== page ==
War torn zones as well as regions that experience constant conflicts tend not to have the rule of law respected or prioritized. Such a situation leaves a gap where the locals end up being exploited by those who are well off in their communities as well as foreigners working in their countries and get off such cases scot-free. When it comes to our contribution in human trafficking or our role in the fight against human trafficking, many of us are never sure of our role. RA international, an international construction company with sites in over 10 countries which are facing different conflicts in Africa prides itself in being the remote site construction and services specialist. This company went out to understand its role in the fight against human trafficking when they are operating in such volatile places and they are doing something about it.

Lars Narfeldt, COO of RA International, introducing HAART’s team and the topic.

A journey that began through LinkedIn, RA’s CSR coordinator contacted HAART in search of an organization that could train their team on Human Trafficking in March 2018. RA at the time had realized that their teams could easily get involved in trafficking situations given the environments that they were working. They decided that they were going to come up with a policy on human trafficking which was to complement their current policies which are enforced on their staff members and suppliers. RA lacked expertise on human trafficking and that is how HAART Kenya came on board. This is a company that is well known for conducting business responsibly and they needed to ensure that they do not contribute to human trafficking either through their staff members or suppliers. Training on new policies is always required and this led to a pilot training being conducted for the staff members in RA’s Nairobi office which paved way for a training to be conducted for the Central African Republic (CAR) staff members.

RA employees at the workshop

On the 28th of April, just a day after the French slavery abolition day which is commemorated on the 27th of April every year, we had the discussion around human trafficking and the effects it has on its victims. Understanding human rights laid a good background to bring in the discussion on human trafficking as it violates even the basic of human rights. The discussion around trauma and the effects of human trafficking on its victims was important for the team to grasp really well because it led to everyone understanding the role we individually play when it comes to human trafficking. The conversation was also to help us critically think of how we treat victims and survivors of this crime. “Before this training I always based my judgment on circumstances and somehow blamed the victims thinking they should have been in a position to do things differently” RA employee. The policy that had been drafted to enforce the company’s stand and their position on human trafficking was also shared. The final clap that we received from the participants was a clear sign that the topic was relevant and it did resonate with them. “I have seen a lot of what you were sharing on back at home and I will definitely share with my community once I get back” RA’s employee. Many shared stories of human trafficking and others that were of general abuse of human rights. HAART’s team left CAR not sure of the impact the session would have on the team in the long run.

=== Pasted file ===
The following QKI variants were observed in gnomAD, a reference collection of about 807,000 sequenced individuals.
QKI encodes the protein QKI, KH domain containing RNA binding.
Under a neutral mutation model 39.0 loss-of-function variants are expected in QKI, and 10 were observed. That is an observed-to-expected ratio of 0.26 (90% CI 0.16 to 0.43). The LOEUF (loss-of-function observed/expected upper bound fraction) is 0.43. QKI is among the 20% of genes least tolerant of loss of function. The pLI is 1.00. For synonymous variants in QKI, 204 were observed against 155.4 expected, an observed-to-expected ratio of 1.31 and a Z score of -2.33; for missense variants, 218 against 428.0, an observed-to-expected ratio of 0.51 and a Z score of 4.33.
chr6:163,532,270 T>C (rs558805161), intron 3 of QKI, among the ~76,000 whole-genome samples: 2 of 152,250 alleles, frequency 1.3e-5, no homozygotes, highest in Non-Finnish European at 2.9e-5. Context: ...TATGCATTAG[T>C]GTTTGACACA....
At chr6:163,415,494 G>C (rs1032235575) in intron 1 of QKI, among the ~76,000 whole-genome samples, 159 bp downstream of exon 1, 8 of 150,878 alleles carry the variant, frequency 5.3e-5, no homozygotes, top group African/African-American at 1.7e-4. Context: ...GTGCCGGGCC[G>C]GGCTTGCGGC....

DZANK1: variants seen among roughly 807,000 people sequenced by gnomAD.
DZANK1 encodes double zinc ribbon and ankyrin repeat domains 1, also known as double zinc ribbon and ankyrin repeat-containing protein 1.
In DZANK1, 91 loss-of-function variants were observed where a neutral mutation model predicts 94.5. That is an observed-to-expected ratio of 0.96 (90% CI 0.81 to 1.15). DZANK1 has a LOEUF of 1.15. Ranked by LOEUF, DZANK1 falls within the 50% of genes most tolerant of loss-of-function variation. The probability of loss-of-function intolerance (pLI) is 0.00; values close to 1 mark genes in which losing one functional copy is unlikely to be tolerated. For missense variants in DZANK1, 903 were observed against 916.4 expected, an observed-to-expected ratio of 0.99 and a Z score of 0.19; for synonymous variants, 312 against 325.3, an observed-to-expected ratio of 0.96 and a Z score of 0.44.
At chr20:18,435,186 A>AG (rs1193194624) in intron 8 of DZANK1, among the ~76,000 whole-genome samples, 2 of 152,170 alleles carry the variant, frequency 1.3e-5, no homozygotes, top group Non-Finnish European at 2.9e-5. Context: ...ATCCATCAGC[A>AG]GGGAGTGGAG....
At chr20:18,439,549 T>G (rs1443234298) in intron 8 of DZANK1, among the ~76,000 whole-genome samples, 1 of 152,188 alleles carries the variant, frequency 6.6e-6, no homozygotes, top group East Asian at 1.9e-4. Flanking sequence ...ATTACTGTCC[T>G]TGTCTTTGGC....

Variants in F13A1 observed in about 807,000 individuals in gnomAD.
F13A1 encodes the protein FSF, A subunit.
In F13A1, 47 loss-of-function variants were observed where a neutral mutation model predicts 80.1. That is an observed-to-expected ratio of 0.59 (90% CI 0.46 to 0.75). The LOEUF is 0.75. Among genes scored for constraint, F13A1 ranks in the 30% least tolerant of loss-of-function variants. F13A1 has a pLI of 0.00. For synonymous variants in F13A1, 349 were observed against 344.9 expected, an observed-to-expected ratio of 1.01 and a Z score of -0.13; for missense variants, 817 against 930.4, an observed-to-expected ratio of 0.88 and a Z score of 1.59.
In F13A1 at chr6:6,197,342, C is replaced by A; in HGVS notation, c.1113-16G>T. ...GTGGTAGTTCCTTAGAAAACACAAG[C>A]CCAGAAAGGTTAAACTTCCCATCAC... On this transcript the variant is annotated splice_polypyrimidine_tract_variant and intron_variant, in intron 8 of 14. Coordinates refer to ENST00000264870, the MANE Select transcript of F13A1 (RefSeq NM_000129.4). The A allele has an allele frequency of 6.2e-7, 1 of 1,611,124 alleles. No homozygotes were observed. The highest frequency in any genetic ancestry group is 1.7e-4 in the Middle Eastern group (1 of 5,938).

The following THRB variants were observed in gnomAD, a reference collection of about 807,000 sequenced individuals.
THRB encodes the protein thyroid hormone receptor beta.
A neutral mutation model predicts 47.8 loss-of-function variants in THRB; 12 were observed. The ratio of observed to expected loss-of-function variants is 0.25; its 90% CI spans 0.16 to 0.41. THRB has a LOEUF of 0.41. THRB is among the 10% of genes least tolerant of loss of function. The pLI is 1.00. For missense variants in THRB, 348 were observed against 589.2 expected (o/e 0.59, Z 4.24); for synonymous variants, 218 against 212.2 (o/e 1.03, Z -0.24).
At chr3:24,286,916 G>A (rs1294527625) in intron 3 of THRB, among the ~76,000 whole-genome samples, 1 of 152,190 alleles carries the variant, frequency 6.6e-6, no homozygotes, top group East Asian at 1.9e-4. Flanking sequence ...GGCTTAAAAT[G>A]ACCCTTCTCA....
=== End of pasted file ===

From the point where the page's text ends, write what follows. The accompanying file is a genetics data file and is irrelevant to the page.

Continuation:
“I will no longer employ a house help who is below 20 years of age. I will also not accept a family member to lend me their child to work for me while they receive her salary” RA employee. Two months later, the reports we have received with regards to the training have been more than heartwarming. One staff member who went to visit his family back in Kenya found a minor that had been employed in his home and asked the wife to let the child go and get an adult domestic help.

“Personally, I have started thinking a bit more seriously about the relationship I have with our house help. Although things were good before, I intend to formalize the working relationship further. In addition, most of my friends in Kenya are in charge of staff both at home and at work. I intend to take up the discussion on working relationships and exploitation with them whenever the situation arises. Although these things may not have anything to do directly with human trafficking, they do hopefully help break a system of exploitation that has become normal in Kenya” RA employee.

Winnie Mutevu Project Officer from HAART explaining about human trafficking

The cycle of human trafficking will only come to an end when you and I decide to take action. Many of us qualify to be called traffickers because of ignorance. Gaining knowledge and understanding the issue is the first step for us all to bring down to its knees this vice that has left no one affected. As RA continues to share this information with the rest of its staff members in the remaining countries, it helps us to understand that we all have a role to play in the fight against human trafficking. Start with making personal changes as we move together to free our society.

“Because I was guilty of employing underage girls thinking that I was helping them. Only after this training I understood the depth of my mistakes on these girls lives. So I believe just like I did it because of lack of knowledge, many people are doing it because of the same lack of knowledge. That is why I try to share the knowledge I received from the training to help others understand their social responsibility on the matter” RA’s employee.

By: Winnie Mutevu